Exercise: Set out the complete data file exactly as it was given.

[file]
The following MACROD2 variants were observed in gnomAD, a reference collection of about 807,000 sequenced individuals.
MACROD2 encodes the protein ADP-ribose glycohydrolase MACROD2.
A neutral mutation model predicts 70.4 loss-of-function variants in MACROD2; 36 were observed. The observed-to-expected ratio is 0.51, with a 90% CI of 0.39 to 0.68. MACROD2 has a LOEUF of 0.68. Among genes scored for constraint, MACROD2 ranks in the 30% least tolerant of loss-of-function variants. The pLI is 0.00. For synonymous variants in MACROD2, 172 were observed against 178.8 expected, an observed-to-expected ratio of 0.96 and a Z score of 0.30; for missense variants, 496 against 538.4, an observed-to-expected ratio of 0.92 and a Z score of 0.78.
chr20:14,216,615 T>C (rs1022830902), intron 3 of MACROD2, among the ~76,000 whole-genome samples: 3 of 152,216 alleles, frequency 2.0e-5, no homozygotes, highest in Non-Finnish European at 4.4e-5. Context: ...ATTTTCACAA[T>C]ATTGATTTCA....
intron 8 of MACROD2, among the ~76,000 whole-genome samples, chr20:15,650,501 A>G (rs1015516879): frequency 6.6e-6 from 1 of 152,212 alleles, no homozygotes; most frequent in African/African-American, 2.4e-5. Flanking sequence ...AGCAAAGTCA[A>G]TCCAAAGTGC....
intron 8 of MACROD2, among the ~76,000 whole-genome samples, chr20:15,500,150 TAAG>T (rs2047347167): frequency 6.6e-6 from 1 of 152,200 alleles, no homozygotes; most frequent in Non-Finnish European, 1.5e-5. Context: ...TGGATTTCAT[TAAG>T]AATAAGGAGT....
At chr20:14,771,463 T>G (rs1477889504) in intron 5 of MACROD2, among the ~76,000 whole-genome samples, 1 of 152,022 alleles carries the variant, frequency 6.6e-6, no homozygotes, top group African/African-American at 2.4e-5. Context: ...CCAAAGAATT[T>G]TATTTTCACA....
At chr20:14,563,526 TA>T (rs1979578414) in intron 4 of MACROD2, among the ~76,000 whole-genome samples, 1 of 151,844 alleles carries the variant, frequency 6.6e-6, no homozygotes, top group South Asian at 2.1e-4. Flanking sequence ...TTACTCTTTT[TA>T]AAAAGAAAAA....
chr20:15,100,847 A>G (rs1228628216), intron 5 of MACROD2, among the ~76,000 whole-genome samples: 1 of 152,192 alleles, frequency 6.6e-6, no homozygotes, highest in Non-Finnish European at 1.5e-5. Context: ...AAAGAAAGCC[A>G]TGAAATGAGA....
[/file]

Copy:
The following MACROD2 variants were observed in gnomAD, a reference collection of about 807,000 sequenced individuals.
MACROD2 encodes the protein ADP-ribose glycohydrolase MACROD2.
A neutral mutation model predicts 70.4 loss-of-function variants in MACROD2; 36 were observed. The observed-to-expected ratio is 0.51, with a 90% CI of 0.39 to 0.68. MACROD2 has a LOEUF of 0.68. Among genes scored for constraint, MACROD2 ranks in the 30% least tolerant of loss-of-function variants. The pLI is 0.00. For synonymous variants in MACROD2, 172 were observed against 178.8 expected, an observed-to-expected ratio of 0.96 and a Z score of 0.30; for missense variants, 496 against 538.4, an observed-to-expected ratio of 0.92 and a Z score of 0.78.
chr20:14,216,615 T>C (rs1022830902), intron 3 of MACROD2, among the ~76,000 whole-genome samples: 3 of 152,216 alleles, frequency 2.0e-5, no homozygotes, highest in Non-Finnish European at 4.4e-5. Context: ...ATTTTCACAA[T>C]ATTGATTTCA....
intron 8 of MACROD2, among the ~76,000 whole-genome samples, chr20:15,650,501 A>G (rs1015516879): frequency 6.6e-6 from 1 of 152,212 alleles, no homozygotes; most frequent in African/African-American, 2.4e-5. Flanking sequence ...AGCAAAGTCA[A>G]TCCAAAGTGC....
intron 8 of MACROD2, among the ~76,000 whole-genome samples, chr20:15,500,150 TAAG>T (rs2047347167): frequency 6.6e-6 from 1 of 152,200 alleles, no homozygotes; most frequent in Non-Finnish European, 1.5e-5. Context: ...TGGATTTCAT[TAAG>T]AATAAGGAGT....
At chr20:14,771,463 T>G (rs1477889504) in intron 5 of MACROD2, among the ~76,000 whole-genome samples, 1 of 152,022 alleles carries the variant, frequency 6.6e-6, no homozygotes, top group African/African-American at 2.4e-5. Context: ...CCAAAGAATT[T>G]TATTTTCACA....
At chr20:14,563,526 TA>T (rs1979578414) in intron 4 of MACROD2, among the ~76,000 whole-genome samples, 1 of 151,844 alleles carries the variant, frequency 6.6e-6, no homozygotes, top group South Asian at 2.1e-4. Flanking sequence ...TTACTCTTTT[TA>T]AAAAGAAAAA....
chr20:15,100,847 A>G (rs1228628216), intron 5 of MACROD2, among the ~76,000 whole-genome samples: 1 of 152,192 alleles, frequency 6.6e-6, no homozygotes, highest in Non-Finnish European at 1.5e-5. Context: ...AAAGAAAGCC[A>G]TGAAATGAGA....